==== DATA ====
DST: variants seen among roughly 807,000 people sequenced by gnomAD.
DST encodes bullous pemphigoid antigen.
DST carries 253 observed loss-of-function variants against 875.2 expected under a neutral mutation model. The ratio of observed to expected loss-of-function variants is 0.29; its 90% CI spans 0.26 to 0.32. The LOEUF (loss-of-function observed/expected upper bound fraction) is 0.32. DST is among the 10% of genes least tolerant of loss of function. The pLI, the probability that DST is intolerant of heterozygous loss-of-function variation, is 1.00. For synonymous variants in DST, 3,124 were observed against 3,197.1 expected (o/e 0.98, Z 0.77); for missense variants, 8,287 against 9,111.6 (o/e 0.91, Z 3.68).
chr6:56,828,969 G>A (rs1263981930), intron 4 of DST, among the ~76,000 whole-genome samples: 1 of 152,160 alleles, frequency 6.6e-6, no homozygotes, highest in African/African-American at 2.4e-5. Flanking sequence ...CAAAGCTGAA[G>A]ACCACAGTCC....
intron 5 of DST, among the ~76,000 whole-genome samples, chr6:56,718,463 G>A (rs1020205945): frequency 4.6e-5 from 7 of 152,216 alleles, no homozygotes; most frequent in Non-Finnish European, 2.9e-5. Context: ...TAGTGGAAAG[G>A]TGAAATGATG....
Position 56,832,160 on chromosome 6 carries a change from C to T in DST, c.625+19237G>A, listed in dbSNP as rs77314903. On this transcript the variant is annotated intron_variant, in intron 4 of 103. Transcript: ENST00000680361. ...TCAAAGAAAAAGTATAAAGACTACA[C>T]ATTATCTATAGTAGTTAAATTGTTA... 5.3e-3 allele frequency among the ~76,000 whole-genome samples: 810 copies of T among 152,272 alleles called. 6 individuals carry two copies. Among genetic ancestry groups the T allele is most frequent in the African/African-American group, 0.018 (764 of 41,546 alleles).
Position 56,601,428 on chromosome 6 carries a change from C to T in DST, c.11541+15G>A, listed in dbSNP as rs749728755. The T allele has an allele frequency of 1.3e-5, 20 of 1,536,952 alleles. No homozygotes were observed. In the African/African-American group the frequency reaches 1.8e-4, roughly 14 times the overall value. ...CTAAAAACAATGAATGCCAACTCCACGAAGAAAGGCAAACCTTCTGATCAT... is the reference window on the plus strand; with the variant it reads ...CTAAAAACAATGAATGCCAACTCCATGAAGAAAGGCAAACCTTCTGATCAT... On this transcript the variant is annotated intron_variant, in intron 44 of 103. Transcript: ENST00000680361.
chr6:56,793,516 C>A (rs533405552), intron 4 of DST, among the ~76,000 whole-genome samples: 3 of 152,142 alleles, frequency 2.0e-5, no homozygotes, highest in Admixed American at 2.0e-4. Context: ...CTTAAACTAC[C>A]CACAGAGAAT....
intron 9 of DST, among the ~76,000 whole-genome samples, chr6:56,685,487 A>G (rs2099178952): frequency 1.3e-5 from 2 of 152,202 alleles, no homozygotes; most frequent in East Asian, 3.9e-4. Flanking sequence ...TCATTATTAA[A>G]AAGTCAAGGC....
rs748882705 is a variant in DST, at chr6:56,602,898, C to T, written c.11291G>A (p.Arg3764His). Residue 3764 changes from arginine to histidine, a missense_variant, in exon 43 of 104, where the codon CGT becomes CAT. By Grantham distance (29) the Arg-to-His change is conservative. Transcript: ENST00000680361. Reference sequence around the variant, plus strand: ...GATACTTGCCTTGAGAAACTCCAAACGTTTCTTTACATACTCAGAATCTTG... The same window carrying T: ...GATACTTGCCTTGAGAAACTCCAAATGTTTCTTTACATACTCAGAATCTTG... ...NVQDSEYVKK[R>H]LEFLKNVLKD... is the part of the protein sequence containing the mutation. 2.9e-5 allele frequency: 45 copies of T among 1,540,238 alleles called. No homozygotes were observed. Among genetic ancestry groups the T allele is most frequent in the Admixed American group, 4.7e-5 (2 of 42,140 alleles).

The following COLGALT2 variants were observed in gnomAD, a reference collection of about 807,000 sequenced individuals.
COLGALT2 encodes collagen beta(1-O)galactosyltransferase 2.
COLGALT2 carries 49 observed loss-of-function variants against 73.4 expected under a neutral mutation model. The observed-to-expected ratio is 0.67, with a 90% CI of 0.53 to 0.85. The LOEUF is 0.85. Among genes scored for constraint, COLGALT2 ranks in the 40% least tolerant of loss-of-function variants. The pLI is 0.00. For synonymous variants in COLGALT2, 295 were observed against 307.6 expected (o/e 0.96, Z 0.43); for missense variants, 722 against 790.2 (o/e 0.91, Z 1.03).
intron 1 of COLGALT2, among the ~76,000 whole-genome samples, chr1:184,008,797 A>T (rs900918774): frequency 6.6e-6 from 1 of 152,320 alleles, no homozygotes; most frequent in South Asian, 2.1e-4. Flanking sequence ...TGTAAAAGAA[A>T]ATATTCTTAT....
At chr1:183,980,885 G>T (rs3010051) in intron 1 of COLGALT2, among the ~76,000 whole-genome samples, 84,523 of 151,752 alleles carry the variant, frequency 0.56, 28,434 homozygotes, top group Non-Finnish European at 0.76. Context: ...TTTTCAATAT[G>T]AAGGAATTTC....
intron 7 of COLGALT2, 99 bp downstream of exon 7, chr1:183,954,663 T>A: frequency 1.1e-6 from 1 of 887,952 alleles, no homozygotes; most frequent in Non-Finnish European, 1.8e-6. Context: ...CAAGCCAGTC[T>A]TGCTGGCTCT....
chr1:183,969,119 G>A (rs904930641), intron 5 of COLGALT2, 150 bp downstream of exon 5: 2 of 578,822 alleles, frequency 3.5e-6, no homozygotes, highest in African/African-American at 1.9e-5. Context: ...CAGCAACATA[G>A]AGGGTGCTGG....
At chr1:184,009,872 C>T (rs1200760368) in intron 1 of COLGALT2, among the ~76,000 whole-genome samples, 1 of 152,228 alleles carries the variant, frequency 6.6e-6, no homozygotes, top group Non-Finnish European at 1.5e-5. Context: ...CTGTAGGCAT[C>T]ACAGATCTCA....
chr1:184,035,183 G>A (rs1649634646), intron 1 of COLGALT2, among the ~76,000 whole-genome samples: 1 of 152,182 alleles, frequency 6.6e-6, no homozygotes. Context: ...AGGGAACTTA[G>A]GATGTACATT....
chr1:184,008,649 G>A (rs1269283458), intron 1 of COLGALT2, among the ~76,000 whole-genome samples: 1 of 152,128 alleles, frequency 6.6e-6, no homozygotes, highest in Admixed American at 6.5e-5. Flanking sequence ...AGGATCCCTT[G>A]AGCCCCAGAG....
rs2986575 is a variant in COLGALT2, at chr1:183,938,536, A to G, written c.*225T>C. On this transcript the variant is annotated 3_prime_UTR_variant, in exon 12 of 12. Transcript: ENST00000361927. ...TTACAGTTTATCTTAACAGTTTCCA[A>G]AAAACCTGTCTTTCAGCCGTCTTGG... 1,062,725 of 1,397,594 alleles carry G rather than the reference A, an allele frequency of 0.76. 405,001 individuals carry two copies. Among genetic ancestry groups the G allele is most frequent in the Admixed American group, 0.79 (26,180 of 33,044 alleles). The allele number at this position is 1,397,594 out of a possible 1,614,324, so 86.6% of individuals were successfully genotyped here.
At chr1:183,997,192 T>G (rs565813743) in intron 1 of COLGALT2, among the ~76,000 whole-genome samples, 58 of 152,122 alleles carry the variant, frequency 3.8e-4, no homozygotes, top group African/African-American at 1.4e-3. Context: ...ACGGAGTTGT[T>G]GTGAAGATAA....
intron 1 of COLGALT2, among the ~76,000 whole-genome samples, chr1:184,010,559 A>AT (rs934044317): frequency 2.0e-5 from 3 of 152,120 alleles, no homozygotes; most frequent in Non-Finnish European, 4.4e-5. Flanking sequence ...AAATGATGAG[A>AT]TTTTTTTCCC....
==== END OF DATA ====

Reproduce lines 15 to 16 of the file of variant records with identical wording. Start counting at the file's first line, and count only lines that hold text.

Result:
At chr1:183,980,885 G>T (rs3010051) in intron 1 of COLGALT2, among the ~76,000 whole-genome samples, 84,523 of 151,752 alleles carry the variant, frequency 0.56, 28,434 homozygotes, top group Non-Finnish European at 0.76. Context: ...TTTTCAATAT[G>T]AAGGAATTTC....
intron 7 of COLGALT2, 99 bp downstream of exon 7, chr1:183,954,663 T>A: frequency 1.1e-6 from 1 of 887,952 alleles, no homozygotes; most frequent in Non-Finnish European, 1.8e-6. Context: ...CAAGCCAGTC[T>A]TGCTGGCTCT....